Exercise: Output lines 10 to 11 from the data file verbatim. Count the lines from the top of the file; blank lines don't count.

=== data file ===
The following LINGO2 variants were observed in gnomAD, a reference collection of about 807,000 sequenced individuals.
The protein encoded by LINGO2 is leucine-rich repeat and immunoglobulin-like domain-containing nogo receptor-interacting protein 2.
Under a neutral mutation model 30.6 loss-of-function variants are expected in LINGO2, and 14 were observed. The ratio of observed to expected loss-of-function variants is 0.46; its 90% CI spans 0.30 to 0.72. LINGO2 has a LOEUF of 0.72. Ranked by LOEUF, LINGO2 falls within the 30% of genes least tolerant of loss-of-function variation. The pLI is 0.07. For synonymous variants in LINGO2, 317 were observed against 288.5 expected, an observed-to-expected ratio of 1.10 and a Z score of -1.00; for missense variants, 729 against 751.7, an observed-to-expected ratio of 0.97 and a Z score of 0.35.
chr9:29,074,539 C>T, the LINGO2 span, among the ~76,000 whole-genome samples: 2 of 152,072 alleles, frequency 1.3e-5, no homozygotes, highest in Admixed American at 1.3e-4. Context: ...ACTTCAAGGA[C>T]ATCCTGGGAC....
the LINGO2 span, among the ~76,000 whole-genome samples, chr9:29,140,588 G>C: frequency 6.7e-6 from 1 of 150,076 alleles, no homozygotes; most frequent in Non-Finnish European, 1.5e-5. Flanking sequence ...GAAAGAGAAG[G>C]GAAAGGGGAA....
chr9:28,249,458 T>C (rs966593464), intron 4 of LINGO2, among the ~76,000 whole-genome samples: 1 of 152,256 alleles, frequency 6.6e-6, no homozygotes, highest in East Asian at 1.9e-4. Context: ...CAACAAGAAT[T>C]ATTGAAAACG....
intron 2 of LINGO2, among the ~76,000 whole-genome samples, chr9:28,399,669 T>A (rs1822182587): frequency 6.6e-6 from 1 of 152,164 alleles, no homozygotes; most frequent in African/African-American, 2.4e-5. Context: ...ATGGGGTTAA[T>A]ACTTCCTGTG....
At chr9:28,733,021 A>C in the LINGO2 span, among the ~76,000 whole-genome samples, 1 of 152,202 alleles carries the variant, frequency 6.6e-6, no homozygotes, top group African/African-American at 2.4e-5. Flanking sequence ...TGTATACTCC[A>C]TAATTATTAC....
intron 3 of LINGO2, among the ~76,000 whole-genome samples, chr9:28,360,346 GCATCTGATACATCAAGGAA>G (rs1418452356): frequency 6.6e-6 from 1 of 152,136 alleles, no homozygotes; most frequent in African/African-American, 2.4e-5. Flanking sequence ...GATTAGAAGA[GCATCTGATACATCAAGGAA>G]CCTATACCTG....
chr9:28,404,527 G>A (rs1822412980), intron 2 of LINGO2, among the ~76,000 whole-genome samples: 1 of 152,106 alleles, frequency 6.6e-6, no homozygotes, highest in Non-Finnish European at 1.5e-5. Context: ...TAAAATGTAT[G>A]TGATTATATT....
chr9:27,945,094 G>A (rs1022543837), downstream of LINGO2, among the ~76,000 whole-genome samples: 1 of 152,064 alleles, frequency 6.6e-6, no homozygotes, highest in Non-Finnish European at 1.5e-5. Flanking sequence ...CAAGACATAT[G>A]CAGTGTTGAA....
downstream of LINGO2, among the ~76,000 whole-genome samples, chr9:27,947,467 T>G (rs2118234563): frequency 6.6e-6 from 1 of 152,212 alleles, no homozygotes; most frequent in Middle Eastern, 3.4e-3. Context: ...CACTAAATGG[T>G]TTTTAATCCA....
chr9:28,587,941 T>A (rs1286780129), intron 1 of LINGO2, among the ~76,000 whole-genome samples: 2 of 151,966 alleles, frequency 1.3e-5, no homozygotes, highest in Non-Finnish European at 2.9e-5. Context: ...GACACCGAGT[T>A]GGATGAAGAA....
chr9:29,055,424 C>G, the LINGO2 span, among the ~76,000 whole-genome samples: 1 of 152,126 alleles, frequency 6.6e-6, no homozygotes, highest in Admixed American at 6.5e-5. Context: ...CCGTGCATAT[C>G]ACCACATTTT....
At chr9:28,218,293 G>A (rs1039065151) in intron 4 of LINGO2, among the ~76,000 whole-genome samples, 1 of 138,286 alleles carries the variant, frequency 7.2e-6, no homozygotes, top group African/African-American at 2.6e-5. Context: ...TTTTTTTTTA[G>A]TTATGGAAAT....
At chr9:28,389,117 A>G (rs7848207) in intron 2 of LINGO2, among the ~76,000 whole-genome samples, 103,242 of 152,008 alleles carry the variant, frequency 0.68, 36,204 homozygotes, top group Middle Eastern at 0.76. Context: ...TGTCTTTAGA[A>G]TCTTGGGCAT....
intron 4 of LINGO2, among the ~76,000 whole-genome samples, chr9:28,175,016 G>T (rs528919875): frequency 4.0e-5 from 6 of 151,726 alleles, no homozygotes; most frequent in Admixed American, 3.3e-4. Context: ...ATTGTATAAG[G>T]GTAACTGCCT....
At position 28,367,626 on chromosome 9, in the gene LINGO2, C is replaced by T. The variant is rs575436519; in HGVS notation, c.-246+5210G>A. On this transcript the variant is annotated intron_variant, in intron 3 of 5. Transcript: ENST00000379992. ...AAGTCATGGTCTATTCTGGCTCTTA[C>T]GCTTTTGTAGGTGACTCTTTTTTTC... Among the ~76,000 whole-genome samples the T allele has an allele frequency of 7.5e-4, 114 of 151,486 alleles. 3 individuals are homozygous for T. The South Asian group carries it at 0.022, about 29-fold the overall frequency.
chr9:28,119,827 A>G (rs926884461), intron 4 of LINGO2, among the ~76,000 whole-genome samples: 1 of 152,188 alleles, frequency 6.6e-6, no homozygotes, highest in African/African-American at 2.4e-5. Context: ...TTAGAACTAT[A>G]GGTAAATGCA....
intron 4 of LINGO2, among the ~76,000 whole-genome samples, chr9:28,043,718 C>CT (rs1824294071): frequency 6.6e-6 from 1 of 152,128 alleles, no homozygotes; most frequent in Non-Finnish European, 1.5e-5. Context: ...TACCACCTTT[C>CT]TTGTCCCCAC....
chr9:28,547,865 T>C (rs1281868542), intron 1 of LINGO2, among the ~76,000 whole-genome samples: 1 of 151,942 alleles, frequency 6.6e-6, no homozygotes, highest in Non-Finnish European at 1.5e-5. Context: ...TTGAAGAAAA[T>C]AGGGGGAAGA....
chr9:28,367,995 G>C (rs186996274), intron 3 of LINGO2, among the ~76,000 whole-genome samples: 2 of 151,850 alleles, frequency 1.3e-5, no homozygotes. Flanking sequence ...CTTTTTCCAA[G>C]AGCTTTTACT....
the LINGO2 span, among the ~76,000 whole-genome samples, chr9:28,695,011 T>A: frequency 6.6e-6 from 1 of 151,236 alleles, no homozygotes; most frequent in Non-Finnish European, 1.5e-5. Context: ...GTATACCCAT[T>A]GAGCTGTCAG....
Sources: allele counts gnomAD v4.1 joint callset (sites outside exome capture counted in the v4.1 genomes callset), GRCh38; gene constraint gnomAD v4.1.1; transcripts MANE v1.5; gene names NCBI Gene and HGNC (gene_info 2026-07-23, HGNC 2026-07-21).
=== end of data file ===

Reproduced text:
chr9:28,404,527 G>A (rs1822412980), intron 2 of LINGO2, among the ~76,000 whole-genome samples: 1 of 152,106 alleles, frequency 6.6e-6, no homozygotes, highest in Non-Finnish European at 1.5e-5. Context: ...TAAAATGTAT[G>A]TGATTATATT....
chr9:27,945,094 G>A (rs1022543837), downstream of LINGO2, among the ~76,000 whole-genome samples: 1 of 152,064 alleles, frequency 6.6e-6, no homozygotes, highest in Non-Finnish European at 1.5e-5. Flanking sequence ...CAAGACATAT[G>A]CAGTGTTGAA....